Autophagy is a catabolic mechanism where intracellular material is degraded by vesicular structures called autophagolysosomes. Autophagy is necessary to maintain the normal function of the central nervous system (CNS), avoiding the accumulation of misfolded and aggregated proteins. Consistently, impaired autophagy has been associated with the pathogenesis of various neurodegenerative diseases. The proteins TAR DNA-binding protein-43 (TDP-43), which regulates RNA processing at different levels, and chromosome 9 open reading frame 72 (C9orf72), probably involved in membrane trafficking, are crucial in the development of neurodegenerative diseases such as Amyotrophic lateral sclerosis (ALS) and Frontotemporal Lobar Degeneration (FTLD). Additionally, recent studies have identified a role for these proteins in the control of autophagy. In this manuscript, we review what is known regarding the autophagic mechanism and discuss the involvement of TDP-43 and C9orf72 in autophagy and their impact on neurodegenerative diseases. © 2017 Budini, Buratti, Morselli and Criollo.

Lorenzo Bermejo J.,University of Heidelberg | Boekstegers F.,University of Heidelberg | Gonzalez Silos R.,University of Heidelberg | Marcelain K.,University of Chile | And 20 more authors.
PLoS Genetics | Year: 2017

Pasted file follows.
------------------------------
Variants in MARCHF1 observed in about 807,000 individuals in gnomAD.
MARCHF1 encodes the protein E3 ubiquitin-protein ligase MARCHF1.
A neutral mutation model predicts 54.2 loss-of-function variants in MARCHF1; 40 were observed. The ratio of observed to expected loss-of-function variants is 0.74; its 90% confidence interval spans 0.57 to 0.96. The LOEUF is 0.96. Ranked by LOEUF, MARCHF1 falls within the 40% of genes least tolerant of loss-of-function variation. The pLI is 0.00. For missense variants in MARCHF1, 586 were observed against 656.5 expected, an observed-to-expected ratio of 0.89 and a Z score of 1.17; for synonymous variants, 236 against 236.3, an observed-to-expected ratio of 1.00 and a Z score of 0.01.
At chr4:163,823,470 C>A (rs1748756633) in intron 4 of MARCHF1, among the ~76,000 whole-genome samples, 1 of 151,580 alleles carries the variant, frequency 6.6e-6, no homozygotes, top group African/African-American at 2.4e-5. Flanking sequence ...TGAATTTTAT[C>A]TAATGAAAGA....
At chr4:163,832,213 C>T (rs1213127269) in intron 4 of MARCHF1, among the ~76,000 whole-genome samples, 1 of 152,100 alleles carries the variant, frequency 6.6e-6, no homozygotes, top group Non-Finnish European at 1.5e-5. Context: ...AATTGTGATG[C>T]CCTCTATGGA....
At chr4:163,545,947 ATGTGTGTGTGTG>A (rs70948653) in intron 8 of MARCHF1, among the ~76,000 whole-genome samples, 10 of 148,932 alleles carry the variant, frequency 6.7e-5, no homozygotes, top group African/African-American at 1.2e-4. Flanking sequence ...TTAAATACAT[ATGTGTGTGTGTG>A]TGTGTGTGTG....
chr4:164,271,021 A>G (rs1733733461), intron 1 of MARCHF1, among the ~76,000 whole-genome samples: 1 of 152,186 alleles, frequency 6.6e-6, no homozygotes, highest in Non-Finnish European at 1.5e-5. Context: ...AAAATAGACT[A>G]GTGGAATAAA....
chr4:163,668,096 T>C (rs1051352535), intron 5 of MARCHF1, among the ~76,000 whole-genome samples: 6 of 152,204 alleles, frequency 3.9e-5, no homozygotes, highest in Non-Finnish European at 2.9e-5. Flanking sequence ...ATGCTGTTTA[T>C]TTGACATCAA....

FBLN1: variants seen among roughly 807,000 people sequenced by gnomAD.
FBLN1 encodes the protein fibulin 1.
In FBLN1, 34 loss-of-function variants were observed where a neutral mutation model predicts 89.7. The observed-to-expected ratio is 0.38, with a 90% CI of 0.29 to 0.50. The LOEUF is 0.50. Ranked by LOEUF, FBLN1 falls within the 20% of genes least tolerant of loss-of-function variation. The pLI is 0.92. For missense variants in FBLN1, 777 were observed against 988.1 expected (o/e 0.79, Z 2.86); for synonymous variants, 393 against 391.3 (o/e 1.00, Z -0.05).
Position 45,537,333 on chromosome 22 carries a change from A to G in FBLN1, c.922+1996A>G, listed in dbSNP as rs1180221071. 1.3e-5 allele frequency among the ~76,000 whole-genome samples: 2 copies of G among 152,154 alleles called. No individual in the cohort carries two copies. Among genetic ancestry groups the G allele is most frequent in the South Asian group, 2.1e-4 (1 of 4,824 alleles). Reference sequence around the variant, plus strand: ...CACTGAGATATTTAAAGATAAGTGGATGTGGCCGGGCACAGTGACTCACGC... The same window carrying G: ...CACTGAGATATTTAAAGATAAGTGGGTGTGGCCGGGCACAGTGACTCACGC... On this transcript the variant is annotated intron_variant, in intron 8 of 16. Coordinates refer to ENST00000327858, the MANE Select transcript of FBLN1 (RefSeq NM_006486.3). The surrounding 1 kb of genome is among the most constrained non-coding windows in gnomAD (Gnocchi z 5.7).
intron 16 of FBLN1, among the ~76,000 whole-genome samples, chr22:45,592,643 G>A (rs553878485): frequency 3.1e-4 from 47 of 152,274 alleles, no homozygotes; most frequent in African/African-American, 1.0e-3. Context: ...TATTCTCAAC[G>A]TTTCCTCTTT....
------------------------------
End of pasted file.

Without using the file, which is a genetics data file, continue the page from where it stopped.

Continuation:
Latin Americans are highly heterogeneous regarding the type of Native American ancestry. Consideration of specific associations with common diseases may lead to substantial advances in unraveling of disease etiology and disease prevention. Here we investigate possible associations between the type of Native American ancestry and leading causes of death. After an aggregate-data study based on genome-wide genotype data from 1805 admixed Chileans and 639,789 deaths, we validate an identified association with gallbladder cancer relying on individual data from 64 gallbladder cancer patients, with and without a family history, and 170 healthy controls. Native American proportions were markedly underestimated when the two main types of Native American ancestry in Chile, originated from the Mapuche and Aymara indigenous peoples, were combined together. Consideration of the type of Native American ancestry was crucial to identify disease associations. Native American ancestry showed no association with gallbladder cancer mortality (P = 0.26). By contrast, each 1% increase in the Mapuche proportion represented a 3.7% increased mortality risk by gallbladder cancer (95%CI 3.1–4.3%, P = 6×10−27). Individual-data results and extensive sensitivity analyses confirmed the association between Mapuche ancestry and gallbladder cancer. Increasing Mapuche proportions were also associated with an increased mortality due to asthma and, interestingly, with a decreased mortality by diabetes. The mortality due to skin, bladder, larynx, bronchus and lung cancers increased with increasing Aymara proportions. Described methods should be considered in future studies on human population genetics and human health. Complementary individual-based studies are needed to apportion the genetic and non-genetic components of associations identified relying on aggregate-data. © 2017 Public Library of Science. All Rights Reserved.